hussein_cheayto profile image hussein cheayto Updated on ・4 min read

I've created this list by walking through several different programs, coding books (like "The Pragmatic Programmer" by Andy Hunt & Dave Thomas and "Clean Code" by Rober C. Martin) and refactoring them. As I made each change, I always think why I made that change. The result is a very long list of things that smell bad to me when I read code. In this article, I have mentioned the top 10 coding mistakes that I've encountered when reading code.

1- Redundant Comment

A comment is redundant if it describes something that describes itself.
For example:
i++; // increment i

2- Poorly Written Comment

Take your time writing comments and make sure to take the time to make it is the best comment you can write. Use correct grammar and punctuation and be brief.
For example:

Public void DisplayTutorial() //when used, the tutorial window will be opened to show the tutorials


Public void DisplayTutorial() //Displays window

Related Article: Top 5 Web Developers You Should Follow to Succeed Without a Degree

3- Commented-Out Code

How many times have you seen hundreds of code commented?? Who knows how old it is? Who knows whether or not it’s meaningful? Yet no one will delete it because everyone assumes someone else needs it or has plans for it.
That code sits there and rots, getting smelly more and more with every passing day. Solution??? Very simple. just DELETE IT!! Don’t worry, if anyone really needs it, he/she can go back and check out a previous version.

4- Too Many Arguments

Functions should have a small number of arguments. No argument is best, followed by one, two, and three. More than three is very questionable and should be avoided with prejudice.

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5- One Function Multiple Tasks

Ideally, every function should serve only ONE task.

For instance:

public void Calculate(float a,float b,float c)
}else if (Substract)
}else if(multiply)

public void Add(float a, float b,float c)

public void Subtract(float a, float b,float c)

public void Multiply(float a, float b,float c)

6- Dead Function

Methods that are never called should be discarded. Keeping dead code around is wasteful. Don’t be afraid to delete the function. Remember, your source code control system still remembers it.

Related Article: Get Rich While Sleeping

7- Inconsistency

Consistency, when applied as it should be, can make code much easier to read and modify.
Inconsistency is the habit to do something a certain way. Once done, do all similar things in the same way. Be careful with the conventions you choose, and once chosen, be careful to continue to follow them.
For example:
Using variable names as 'Quit' and 'Exit' instead of sticking to either 'Quit' or 'Exit'.

8- Duplication

Duplication is a very serious problem. Almost every author who writes about software design mentions this rule. Dave Thomas and Andy Hunt called it the DRY3 principle (Don’t Repeat Yourself). Kent Beck made it one of the core principles of Extreme Programming and called it: “Once, and only once.”
It's simple, find and eliminate duplication wherever you can.
For example:
Duplications appear when using the switch/case or if/else chain that appears again and again in various modules, always testing for the same set of conditions.
Think about using polymorphism.


9- Misplaced Responsibility

One of the most important decisions a software developer can make is where to put code.
For example:
where should the PI constant go? Should it be in the Math class? Perhaps it belongs in the Trigonometry class? Or maybe in the Circle class?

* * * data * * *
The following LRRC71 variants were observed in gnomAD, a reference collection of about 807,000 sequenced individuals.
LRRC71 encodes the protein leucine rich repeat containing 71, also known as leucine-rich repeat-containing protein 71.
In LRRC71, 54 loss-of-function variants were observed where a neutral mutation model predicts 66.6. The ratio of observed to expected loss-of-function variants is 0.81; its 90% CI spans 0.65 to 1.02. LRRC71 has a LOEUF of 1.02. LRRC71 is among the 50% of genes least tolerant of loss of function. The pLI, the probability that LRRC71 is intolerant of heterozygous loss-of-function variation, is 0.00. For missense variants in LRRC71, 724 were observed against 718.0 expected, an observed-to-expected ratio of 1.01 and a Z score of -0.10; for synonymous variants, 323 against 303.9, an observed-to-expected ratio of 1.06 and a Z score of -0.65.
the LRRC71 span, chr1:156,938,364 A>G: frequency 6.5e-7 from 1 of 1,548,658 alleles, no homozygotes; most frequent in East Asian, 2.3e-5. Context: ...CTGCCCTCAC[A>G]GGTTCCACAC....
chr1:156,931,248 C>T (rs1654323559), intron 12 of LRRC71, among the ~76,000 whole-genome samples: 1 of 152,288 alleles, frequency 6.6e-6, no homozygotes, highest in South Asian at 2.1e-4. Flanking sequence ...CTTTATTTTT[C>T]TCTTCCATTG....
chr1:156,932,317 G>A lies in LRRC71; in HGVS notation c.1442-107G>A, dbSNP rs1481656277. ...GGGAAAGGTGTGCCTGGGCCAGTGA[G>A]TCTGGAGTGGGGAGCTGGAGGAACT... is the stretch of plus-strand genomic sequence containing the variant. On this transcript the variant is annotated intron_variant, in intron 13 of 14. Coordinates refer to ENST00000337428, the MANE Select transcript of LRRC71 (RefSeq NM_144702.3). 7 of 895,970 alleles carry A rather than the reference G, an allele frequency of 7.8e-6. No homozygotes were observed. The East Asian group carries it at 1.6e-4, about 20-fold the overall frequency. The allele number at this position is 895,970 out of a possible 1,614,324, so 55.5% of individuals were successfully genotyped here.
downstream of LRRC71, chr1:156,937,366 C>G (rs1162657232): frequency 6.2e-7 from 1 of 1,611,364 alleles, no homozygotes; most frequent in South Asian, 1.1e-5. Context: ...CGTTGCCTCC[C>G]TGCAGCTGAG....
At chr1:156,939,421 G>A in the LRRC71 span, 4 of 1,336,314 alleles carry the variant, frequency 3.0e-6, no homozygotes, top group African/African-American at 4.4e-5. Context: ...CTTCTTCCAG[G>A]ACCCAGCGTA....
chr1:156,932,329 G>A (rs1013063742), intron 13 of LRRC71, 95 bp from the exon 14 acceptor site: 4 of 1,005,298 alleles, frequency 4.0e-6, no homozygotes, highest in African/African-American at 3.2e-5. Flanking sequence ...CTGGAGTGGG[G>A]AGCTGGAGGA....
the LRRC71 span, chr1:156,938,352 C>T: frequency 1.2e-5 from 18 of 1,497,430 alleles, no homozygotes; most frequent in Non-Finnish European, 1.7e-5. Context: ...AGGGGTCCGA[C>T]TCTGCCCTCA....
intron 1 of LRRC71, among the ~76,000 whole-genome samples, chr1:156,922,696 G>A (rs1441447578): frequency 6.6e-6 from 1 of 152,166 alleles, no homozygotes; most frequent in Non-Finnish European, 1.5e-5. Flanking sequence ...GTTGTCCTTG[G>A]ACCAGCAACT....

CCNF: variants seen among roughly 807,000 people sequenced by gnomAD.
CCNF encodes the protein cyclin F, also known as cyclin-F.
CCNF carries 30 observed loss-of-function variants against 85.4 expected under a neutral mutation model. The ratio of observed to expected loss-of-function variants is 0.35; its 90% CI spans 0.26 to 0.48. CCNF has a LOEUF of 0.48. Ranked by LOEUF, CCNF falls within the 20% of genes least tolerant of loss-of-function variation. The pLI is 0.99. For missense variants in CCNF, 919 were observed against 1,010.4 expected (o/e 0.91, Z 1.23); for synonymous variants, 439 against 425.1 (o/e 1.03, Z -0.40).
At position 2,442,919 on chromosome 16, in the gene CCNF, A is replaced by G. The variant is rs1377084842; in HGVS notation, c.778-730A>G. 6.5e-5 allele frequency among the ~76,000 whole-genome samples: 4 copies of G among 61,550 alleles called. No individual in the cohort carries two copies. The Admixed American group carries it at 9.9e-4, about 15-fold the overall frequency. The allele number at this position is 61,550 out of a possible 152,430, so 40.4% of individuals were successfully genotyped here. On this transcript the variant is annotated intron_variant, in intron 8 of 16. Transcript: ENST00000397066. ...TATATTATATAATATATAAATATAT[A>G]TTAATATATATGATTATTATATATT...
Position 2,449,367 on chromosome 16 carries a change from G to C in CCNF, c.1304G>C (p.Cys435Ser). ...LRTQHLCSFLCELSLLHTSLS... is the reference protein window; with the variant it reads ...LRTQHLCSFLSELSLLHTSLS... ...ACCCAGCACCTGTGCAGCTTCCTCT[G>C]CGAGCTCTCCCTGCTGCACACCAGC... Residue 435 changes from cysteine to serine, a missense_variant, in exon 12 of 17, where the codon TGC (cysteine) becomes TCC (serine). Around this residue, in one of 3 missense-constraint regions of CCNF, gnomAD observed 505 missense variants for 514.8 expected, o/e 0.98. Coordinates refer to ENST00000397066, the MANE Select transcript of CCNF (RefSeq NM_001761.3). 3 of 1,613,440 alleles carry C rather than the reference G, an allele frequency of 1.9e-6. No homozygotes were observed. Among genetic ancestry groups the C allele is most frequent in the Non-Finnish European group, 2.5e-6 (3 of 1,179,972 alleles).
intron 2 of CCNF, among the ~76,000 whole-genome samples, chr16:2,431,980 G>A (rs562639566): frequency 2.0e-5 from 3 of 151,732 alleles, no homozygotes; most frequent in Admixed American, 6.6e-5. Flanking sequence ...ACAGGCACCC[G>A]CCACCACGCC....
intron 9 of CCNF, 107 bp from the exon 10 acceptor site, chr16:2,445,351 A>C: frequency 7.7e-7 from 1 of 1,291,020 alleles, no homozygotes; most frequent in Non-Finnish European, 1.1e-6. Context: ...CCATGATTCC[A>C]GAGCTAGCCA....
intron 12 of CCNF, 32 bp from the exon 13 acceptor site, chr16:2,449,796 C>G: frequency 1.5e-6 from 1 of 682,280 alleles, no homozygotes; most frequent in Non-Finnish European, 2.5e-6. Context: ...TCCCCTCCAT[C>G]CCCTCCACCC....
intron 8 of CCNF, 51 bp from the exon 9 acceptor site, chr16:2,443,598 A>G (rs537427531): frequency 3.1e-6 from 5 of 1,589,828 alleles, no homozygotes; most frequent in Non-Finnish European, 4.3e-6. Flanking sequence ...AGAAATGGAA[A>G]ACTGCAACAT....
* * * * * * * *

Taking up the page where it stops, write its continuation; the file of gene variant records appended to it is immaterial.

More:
Code should be placed where a reader would naturally expect it to be. The PI constant should go where the trig functions are declared. We’ll put it in a function that’s convenient for us, but not necessarily intuitive to the reader.

10- Function and Variable Names

Function names should say what they do. Always choose Descriptive Names and take your time picking a name, it is worth it. You will spend sometime thinking, but it will definitely save you time later, when you read your code after a month or a year.
Look at this code:
Date newDate = date.add(5);
Would you expect this to add five days to the date? Or is it weeks, or hours?
You can’t tell from the call what the function does.

If the function adds five days to the date and changes the date, then it should be called IncreaseByDays or AddDays.

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hussein cheayto


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I don't think that the corrected comment in point 2 is any better than the one it replaces.

Public void DisplayTutorial() //Displays window

That's redundant, and if it's not then it's a smell that the method should be called DisplayTutorialWindow or something instead.

I'm not sure any of your "related articles" are related in any way other than they're written by you? Are they just spam?


They are related to programming and how to succeed in life.
Check them out and see 😉


Methods that are never called should be discarded. Keeping dead code around is wasteful. Don’t be afraid to delete the function. Remember, your source code control system still remembers it.

Related Article: Get Rich While Sleeping


The title is tricky.
If you read it, you will find that in the article, all I talk about is programming.

The title is tricky.
That's not exactly true. It is a link to a page about getting rich quick, though that page doesn't offer any real advice.

in the article, all I talk about is programming.
That's not true at all. You have three sections, each of which exists to provide a link to another unrelated get-rich-quick page, and only one of which is called "programming".

And it doesn't talk about programming. It says you can make money in your sleep if you publish an app. You can do the same if you publish a book, by the way, this isn't related to programming.

This linked page has nothing whatsoever to do with your preceding paragraph, and calling it a "related article" is misleading to say the least.

hmmmmmm, I appreciate your comment, I will take it into consideration in my next articles.
If you didn't like it, you can simple close the tab and skip it :)